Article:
As computers proliferate, can they be made tamper-proof?
The industrial world is rushing headlong to replace letters, receipts, and currency with electronic impulses in computer networks.
And as it does, some experts warn that without proper safeguards, these networks may become increasingly vulnerable to manipulation by political extremists or foreign powers.
''We, as a nation and as a world, are charging merrily ahead with the process of computerization without really looking at what we are doing,'' warns Willis Ware of the Rand Corporation, who has called for a national commission to study this question.
Computer crime expert Donn P. Parker of SRI International says, for example, that unless proper safeguards are taken, growing dependence on electronic funds transfer (EFT) systems will increase the risk that extremists or foreign agents can tamper with them. Economic havoc would result, he says.
The French and Swedish governments already have established national commissions to examine the implications of widespread computerization. But in the United States, the issue hasn't yet attracted much attention at the national level, the experts say. However, the topic was taken up by two panels at the National Computer Conference in Houston earlier this summer. Also, US Rep. Bill Nelson (D) of Florida is drafting legislation that would make computer tampering a serious crime.
One of the first places to worry about such vulnerabilities is in the realm of high finance, experts say.
Dr. Parker first raised questions about possible threats to national security from EFT two years ago at a conference in Monaco.
''The physical or logical destruction of (such a system), which could, in turn, cause economic collapse of a country, is a more appealing and cost-effective form of war than one using nuclear bombs and missiles. Far fewer resources are necessary, and these could be obtained or might already be possessed by a small country. The size of wealth of a country by any measure is no longer the limiting factor . . . ,'' he suggests.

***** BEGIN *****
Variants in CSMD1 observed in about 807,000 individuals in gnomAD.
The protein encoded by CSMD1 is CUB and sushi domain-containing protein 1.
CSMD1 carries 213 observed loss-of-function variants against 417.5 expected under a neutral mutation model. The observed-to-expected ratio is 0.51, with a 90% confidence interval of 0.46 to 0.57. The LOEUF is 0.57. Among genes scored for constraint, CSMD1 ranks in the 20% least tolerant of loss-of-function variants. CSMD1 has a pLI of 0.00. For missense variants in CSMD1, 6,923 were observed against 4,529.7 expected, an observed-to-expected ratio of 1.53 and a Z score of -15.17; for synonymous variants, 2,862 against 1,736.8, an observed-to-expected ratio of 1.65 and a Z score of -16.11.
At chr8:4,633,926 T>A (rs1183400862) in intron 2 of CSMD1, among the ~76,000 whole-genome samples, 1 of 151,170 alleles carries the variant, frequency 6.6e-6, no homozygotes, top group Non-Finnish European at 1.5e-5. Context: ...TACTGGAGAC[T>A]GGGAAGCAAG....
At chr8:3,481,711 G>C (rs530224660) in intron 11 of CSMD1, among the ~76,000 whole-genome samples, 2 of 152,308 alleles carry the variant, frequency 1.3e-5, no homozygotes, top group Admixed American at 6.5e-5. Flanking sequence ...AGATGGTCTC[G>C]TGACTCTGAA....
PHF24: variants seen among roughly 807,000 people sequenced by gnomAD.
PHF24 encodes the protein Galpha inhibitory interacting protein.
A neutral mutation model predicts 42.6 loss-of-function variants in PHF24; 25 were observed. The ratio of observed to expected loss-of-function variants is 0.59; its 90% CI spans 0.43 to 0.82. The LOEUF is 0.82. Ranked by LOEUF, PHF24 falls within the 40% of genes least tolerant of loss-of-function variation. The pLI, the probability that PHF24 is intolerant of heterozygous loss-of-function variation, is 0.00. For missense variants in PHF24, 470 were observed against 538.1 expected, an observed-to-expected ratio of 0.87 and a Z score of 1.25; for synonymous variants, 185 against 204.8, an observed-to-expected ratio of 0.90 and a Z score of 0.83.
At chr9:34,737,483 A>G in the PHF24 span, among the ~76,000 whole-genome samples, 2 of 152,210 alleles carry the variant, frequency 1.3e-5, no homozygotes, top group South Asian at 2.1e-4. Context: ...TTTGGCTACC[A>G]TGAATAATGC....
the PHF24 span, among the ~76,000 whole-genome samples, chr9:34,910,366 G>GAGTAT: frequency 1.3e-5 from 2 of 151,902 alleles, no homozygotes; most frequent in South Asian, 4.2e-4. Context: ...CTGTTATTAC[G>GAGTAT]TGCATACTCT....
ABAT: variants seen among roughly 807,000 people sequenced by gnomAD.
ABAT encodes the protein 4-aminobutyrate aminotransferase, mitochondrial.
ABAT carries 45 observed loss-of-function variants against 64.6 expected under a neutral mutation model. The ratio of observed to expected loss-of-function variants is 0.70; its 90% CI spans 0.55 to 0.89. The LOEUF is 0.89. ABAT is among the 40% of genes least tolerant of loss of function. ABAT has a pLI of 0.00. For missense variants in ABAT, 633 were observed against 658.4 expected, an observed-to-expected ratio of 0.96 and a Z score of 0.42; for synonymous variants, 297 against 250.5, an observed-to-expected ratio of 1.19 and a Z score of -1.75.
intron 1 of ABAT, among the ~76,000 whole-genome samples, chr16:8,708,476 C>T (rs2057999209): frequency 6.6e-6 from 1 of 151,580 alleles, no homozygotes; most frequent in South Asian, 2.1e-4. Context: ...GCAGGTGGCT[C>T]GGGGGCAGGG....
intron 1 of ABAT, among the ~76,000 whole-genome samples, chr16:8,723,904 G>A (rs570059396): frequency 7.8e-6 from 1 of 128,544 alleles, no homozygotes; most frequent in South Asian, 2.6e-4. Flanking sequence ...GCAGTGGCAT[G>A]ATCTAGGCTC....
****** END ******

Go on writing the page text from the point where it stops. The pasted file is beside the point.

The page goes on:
Because the public is not directly involved, it doesn't realize how extensive these computerized fund-transfer networks have become, Parker points out. A single large commercial bank will transfer from $30 billion to $60 billion a day by computer. The network that ties together members in the US Federal Reserve turns over an amount equal to the national debt every four days.
Still, 99 percent of all financial transactions made in the US are handled with paper, reports Frederick Schroeder, an economist with the Federal Reserve who is studying the economic costs and benefits of EFT. But because of the lower processing costs, the nation's banks are ready and eager to replace traditional methods of doing business with the new, electronic forms as fast as the public will accept them.
The most serious threat to the nation's security posed by this process would be the covert destruction of large amounts of the electronic or ''virtual'' money. This could be accomplished by erasing all record of it from the computers involved, Parker says. If $160 billion were obliterated in this fashion, it could create an economic catastrophe, he argues.